Island Weirdness #15 – Deinogalerix

A stylized illustration of an extinct mammal. It resembles a large rat or opposum, with a proportionally large head and a long snout.

Thanks to the absence of large terrestrial carnivores on the Gargano-Scontrone island(s) during the Late Miocene, animals that were usually small had the opportunity to become larger, moving into the vacant ecological niches and evolving into predators unlike anything existing on the mainland.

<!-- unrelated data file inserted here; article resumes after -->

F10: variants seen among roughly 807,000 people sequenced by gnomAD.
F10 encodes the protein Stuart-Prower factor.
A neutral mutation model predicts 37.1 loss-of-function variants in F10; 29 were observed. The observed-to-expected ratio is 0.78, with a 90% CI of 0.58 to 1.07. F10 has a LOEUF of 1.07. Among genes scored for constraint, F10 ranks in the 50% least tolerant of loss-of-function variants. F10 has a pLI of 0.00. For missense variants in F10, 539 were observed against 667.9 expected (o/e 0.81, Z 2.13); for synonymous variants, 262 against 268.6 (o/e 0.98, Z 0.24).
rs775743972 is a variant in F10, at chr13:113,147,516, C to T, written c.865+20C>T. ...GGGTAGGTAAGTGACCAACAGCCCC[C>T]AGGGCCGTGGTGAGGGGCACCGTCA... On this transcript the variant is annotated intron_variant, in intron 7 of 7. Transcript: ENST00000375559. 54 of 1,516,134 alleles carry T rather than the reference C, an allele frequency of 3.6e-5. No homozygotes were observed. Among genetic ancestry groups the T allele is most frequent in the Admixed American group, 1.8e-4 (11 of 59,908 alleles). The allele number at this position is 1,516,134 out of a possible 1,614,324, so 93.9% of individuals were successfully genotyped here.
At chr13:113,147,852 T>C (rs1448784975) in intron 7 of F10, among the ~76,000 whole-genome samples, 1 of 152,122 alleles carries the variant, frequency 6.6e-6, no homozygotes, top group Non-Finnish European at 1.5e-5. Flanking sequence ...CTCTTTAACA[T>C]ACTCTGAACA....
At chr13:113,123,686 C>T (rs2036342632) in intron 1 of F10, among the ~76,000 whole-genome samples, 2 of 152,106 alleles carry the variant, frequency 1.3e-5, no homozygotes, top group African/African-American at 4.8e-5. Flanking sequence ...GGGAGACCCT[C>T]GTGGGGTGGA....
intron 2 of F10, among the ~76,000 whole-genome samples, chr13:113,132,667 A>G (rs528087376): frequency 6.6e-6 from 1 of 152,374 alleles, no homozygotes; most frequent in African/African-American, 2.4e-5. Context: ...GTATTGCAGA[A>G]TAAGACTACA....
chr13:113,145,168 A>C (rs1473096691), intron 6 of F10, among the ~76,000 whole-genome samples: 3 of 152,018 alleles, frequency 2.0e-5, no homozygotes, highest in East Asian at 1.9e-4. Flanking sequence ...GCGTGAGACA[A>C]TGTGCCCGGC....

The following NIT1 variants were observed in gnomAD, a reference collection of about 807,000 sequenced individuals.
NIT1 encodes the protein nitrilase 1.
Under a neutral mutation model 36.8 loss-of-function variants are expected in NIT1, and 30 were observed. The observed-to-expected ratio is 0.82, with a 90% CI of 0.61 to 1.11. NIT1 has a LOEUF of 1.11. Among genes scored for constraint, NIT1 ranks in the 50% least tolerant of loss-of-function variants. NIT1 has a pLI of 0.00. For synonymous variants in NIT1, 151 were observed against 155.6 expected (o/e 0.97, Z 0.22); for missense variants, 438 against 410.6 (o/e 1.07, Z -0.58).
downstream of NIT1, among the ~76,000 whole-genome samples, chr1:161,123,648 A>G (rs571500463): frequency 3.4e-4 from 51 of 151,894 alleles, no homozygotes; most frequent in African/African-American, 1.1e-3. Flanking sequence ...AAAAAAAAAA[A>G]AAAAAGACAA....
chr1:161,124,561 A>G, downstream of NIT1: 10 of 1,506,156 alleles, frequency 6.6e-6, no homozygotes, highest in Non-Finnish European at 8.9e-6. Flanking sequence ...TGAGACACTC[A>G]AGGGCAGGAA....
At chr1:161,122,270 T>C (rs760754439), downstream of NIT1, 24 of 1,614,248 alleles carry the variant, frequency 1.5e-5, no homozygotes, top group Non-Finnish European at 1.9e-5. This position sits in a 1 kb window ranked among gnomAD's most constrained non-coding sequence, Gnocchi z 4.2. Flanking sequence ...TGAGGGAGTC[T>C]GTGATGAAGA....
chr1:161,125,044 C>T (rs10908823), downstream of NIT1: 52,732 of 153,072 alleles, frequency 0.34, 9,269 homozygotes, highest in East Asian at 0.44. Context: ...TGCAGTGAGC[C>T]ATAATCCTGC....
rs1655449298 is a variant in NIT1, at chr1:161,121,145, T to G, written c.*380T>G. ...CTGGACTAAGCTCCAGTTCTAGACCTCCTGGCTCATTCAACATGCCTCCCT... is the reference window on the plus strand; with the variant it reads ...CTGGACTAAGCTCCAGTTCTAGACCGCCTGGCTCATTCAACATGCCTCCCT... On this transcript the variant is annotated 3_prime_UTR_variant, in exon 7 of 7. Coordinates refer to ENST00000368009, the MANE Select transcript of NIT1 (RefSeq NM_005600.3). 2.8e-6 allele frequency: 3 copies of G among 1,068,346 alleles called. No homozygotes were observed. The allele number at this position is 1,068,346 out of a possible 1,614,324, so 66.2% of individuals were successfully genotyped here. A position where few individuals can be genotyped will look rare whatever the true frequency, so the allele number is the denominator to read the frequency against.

Deinogalerix was a giant member of the gymnures – close relatives of hedgehogs without the quills – with a proportionally big head and a long snout full of large fangs at the front and bone-crushing molars at the back.

Several different species have been found, with the largest Deinogalerix koenigswaldi having a head-and-body length of around 60cm (2′). Along with its tail that would have made it at least 90cm long (2′11″), making it the biggest eulipotyphlan ever discovered.

It would probably have hunted smaller mammals, birds, and reptiles, filling a niche on the island similar to dogs or cats.

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